1 Peter – Chapter One LII

by Ed Urzi

“since you have been born again, not of perishable seed but of imperishable, through the living and abiding word of God” (1 Peter 1:23 ESV).

Just as we must undergo a physical birth that is necessary to enter the world around us, so we must also undergo a spiritual birth that is necessary to enter heaven. The need for this act of rebirth is grounded in the fact that human beings are spiritually alienated from God. Therefore, we must be “born again” in order to enter a relationship with Him. This explains why Jesus tells us, “…I can guarantee this truth: No one can see the kingdom of God without being born from above” (GW) in John 3::3.

So being “born again” means we are reborn from a state of spiritual separation from God to a life that is alive to God through Christ. The Spirit of God directs that rebirth, and it takes place when we accept Jesus’ sacrificial death on our behalf.

For instance, the Scriptures tell us, “Whoever believes that Jesus is the Christ is born of God” (1 John 5:1 NKJV). We’re also told, “If anyone is in Christ, he is a new creation…” (NIV) in 2 Corinthians 5:17. So, unlike the mortal life that we inherit from our human parents (or the “perishable seed mentioned here in 1 Peter 1:23), those who are born again are redeemed by the sacrifice of the imperishable Christ.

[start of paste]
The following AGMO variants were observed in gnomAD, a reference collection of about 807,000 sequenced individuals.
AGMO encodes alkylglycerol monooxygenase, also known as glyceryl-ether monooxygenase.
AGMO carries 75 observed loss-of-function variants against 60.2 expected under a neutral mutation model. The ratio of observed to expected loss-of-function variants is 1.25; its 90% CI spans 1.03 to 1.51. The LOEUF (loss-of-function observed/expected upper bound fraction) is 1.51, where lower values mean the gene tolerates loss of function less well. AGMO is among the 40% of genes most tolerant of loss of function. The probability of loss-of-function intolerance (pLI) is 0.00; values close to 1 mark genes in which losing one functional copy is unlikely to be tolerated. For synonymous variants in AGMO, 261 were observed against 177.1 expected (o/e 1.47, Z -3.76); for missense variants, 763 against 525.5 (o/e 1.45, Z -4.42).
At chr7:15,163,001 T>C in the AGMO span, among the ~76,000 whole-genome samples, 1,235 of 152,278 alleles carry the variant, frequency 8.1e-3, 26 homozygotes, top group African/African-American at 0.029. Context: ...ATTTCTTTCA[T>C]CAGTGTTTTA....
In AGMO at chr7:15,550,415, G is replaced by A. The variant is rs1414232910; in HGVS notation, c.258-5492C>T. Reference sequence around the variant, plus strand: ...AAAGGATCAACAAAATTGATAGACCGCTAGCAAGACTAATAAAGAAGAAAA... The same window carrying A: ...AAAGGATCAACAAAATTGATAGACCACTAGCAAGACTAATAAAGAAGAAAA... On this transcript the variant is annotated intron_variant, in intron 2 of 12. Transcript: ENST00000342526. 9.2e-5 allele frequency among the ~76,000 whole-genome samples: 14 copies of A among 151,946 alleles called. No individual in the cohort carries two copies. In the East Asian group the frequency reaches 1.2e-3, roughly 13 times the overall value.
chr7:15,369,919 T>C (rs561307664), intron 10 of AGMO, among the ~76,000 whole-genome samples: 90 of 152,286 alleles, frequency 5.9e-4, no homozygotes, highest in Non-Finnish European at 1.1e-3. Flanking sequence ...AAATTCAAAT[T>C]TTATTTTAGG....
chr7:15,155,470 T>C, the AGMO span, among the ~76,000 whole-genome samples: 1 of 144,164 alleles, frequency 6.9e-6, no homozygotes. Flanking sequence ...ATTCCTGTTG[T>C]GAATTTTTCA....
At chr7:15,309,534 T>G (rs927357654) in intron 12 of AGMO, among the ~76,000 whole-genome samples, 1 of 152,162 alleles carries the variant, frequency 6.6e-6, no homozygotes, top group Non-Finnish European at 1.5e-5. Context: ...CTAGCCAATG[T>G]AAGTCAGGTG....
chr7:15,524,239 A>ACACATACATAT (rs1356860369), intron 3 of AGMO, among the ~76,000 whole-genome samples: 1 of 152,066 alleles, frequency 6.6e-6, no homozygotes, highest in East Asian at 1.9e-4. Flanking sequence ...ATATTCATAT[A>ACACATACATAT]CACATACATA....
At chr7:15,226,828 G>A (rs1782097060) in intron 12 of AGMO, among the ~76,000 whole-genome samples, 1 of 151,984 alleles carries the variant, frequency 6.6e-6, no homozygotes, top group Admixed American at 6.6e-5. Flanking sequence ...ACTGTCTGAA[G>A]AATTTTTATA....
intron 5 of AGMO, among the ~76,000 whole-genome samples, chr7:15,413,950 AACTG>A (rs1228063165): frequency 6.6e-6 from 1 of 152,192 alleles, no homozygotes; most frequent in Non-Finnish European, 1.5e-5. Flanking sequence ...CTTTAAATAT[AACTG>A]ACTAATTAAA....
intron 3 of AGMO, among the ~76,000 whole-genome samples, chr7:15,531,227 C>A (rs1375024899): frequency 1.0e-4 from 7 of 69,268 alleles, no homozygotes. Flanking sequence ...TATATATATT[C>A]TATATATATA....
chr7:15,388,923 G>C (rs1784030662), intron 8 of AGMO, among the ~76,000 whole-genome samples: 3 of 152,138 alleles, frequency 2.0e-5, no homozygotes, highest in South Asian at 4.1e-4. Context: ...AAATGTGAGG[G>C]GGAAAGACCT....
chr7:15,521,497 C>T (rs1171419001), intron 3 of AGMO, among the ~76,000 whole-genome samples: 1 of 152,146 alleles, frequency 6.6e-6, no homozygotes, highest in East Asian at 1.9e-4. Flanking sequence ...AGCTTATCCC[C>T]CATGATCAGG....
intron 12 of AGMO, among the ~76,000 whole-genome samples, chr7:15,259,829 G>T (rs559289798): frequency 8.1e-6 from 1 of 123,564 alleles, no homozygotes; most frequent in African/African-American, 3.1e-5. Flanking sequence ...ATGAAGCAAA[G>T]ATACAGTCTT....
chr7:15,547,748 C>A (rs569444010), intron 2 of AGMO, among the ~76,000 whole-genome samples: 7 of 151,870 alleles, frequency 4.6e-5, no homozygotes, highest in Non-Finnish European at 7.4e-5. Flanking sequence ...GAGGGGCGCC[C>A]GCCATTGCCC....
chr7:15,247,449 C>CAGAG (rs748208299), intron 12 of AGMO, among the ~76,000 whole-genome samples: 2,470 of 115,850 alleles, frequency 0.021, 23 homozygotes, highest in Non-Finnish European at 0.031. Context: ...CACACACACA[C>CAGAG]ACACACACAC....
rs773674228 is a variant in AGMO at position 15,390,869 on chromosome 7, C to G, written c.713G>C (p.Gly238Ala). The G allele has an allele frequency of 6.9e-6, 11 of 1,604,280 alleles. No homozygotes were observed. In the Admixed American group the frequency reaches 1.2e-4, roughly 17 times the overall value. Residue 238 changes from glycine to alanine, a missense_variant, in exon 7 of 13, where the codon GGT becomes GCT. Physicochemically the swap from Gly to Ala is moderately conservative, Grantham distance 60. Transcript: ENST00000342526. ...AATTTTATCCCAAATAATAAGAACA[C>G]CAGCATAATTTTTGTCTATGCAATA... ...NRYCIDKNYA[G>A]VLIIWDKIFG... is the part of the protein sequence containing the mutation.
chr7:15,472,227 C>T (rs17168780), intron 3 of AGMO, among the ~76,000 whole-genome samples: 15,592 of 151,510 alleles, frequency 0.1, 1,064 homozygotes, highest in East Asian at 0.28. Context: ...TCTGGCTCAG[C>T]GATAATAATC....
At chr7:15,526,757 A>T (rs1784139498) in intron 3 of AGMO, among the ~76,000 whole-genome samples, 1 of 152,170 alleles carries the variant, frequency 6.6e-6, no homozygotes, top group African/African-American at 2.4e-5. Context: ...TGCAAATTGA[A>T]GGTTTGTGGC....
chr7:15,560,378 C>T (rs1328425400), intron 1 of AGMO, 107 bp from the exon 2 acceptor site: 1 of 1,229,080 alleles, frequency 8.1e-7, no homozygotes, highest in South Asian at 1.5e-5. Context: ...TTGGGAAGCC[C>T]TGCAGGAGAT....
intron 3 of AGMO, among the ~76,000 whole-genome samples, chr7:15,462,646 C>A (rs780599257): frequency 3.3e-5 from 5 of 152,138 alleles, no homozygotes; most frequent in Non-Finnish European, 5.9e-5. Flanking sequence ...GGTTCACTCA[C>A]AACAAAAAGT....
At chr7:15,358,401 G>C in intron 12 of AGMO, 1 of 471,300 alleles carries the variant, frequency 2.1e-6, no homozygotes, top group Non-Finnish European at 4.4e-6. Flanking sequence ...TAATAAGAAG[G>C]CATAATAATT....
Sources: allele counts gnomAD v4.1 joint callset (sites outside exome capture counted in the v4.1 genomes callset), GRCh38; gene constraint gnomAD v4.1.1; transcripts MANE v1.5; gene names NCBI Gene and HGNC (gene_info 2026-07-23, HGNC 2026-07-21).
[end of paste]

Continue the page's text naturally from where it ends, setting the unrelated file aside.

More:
Thus, we can say that this act of spiritual rebirth is a necessary prerequisite in our reconciliation to God. One source closes our look at this important topic with the following insights…

“It was Jesus who first declared that spiritual rebirth was an absolute necessity for entering the kingdom of God. He declared to Nicodemus, ‘Most assuredly, I say to you, unless one is born again, he cannot see the kingdom of God’ (John 3:3). The word unless in Jesus’ teaching signals a universally necessary condition for seeing and entering the kingdom of God.

Rebirth, then, is an essential part of Christianity; without it, entrance into God’s kingdom is impossible. Regeneration is the theological term used to describe rebirth. It refers to a new generating, a new genesis, a new beginning. It is more than ‘turning over a new leaf’; it marks the beginning of a new life in a radically renewed person. Peter speaks of believers ‘having been born again, not of corruptible seed but incorruptible, through the word of God which lives and abides forever’” (1 Peter 1:23). (1)

(1) Sproul, R. C. (1992). Essential truths of the Christian faith. Wheaton, IL: Tyndale House. Page 171.